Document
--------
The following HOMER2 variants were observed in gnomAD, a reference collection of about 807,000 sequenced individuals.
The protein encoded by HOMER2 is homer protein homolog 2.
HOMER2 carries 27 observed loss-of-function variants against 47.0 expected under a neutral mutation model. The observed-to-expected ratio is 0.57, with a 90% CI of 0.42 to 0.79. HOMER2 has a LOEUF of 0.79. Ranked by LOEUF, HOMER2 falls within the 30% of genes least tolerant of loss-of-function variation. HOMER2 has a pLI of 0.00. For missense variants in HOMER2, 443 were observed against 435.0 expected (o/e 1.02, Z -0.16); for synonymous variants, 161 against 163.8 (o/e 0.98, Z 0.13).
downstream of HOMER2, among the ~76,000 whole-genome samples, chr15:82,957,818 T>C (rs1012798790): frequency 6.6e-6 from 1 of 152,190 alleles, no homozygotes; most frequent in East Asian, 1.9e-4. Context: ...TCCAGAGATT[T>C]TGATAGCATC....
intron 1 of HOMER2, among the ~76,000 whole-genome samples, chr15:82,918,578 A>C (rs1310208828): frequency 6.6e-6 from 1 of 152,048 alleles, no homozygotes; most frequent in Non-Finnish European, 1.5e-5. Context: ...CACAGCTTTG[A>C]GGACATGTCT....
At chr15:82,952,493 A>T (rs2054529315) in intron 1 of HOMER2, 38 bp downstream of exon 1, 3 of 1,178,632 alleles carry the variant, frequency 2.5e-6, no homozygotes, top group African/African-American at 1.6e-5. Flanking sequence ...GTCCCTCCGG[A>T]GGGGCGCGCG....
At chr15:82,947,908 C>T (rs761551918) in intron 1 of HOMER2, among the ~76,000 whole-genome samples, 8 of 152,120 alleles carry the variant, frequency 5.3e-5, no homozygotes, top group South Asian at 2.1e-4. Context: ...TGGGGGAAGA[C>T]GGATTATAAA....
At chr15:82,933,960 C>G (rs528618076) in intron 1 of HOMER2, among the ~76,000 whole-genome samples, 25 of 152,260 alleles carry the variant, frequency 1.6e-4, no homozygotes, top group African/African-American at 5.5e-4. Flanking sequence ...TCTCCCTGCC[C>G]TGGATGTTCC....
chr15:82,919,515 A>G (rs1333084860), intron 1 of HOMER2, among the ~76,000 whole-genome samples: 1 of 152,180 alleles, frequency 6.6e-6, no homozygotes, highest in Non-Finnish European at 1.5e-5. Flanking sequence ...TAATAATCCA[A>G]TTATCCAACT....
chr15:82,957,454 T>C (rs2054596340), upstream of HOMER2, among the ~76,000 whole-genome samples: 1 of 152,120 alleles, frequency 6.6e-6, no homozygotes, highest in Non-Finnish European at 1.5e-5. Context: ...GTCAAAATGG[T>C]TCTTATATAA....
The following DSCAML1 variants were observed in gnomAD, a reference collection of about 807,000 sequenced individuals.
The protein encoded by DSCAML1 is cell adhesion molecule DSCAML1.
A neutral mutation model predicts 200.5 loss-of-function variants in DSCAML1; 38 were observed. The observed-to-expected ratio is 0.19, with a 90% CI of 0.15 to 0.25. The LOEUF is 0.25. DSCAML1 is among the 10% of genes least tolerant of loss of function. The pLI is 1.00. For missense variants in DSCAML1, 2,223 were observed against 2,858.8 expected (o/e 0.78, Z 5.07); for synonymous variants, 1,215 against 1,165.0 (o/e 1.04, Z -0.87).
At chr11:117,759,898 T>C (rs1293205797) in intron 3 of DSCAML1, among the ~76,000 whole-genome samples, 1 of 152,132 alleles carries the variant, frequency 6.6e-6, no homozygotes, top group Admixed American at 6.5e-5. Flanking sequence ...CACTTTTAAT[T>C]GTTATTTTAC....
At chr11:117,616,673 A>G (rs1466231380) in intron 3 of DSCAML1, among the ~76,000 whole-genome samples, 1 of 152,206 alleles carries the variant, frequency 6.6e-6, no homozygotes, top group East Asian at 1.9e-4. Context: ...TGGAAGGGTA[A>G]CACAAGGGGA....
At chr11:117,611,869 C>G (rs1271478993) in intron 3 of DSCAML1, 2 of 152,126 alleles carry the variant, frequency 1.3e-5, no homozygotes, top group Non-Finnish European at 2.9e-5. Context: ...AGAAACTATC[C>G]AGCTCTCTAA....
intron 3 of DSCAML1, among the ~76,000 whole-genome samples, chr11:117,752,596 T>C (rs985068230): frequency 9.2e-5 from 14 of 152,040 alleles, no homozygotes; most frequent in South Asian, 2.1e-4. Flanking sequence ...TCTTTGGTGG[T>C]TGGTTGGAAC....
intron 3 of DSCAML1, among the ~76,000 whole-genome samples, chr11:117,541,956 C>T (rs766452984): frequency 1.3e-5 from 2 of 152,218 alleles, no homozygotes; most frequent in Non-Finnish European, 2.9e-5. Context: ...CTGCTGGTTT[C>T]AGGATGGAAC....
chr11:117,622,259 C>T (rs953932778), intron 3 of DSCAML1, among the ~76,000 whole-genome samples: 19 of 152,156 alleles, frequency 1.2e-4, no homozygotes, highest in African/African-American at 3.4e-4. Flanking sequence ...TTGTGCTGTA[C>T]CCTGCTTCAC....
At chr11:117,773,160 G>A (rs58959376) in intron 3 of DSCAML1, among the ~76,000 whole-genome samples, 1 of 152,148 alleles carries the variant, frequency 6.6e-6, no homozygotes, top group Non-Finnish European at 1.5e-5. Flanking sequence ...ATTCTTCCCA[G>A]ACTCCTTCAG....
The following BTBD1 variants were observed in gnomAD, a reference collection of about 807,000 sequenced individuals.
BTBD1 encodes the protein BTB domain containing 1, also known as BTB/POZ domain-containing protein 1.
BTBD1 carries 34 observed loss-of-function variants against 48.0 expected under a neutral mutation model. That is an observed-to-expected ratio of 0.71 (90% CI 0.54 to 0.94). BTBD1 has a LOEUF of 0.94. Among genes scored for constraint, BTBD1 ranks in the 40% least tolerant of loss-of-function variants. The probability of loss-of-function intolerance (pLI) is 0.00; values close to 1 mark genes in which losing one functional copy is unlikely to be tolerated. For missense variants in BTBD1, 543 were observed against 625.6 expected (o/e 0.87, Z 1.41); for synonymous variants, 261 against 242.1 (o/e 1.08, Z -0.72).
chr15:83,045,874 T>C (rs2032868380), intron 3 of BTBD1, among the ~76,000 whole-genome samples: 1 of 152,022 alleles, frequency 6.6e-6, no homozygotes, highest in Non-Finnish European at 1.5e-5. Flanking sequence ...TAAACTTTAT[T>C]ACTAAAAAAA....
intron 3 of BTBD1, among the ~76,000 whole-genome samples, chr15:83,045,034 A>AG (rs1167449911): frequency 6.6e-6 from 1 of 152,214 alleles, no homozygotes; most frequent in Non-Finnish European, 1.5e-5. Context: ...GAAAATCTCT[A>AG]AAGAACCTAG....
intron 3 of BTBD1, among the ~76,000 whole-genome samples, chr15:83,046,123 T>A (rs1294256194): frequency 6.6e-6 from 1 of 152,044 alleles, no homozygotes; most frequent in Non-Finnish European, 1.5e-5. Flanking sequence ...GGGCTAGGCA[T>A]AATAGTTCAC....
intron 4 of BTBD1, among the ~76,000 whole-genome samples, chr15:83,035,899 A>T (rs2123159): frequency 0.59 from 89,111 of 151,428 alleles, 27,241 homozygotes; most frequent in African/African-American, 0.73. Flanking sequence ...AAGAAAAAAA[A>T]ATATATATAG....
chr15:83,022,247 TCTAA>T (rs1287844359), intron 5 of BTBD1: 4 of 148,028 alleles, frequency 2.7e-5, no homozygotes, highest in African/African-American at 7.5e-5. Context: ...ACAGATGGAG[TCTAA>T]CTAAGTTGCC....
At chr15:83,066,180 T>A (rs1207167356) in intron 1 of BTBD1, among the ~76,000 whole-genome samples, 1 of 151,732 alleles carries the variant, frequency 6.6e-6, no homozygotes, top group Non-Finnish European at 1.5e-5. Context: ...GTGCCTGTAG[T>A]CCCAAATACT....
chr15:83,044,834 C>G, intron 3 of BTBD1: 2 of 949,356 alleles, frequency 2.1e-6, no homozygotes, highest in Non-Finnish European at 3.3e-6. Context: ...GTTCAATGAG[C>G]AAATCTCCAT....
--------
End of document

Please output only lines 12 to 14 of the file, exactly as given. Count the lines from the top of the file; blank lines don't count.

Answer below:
The protein encoded by DSCAML1 is cell adhesion molecule DSCAML1.
A neutral mutation model predicts 200.5 loss-of-function variants in DSCAML1; 38 were observed. The observed-to-expected ratio is 0.19, with a 90% CI of 0.15 to 0.25. The LOEUF is 0.25. DSCAML1 is among the 10% of genes least tolerant of loss of function. The pLI is 1.00. For missense variants in DSCAML1, 2,223 were observed against 2,858.8 expected (o/e 0.78, Z 5.07); for synonymous variants, 1,215 against 1,165.0 (o/e 1.04, Z -0.87).
At chr11:117,759,898 T>C (rs1293205797) in intron 3 of DSCAML1, among the ~76,000 whole-genome samples, 1 of 152,132 alleles carries the variant, frequency 6.6e-6, no homozygotes, top group Admixed American at 6.5e-5. Flanking sequence ...CACTTTTAAT[T>C]GTTATTTTAC....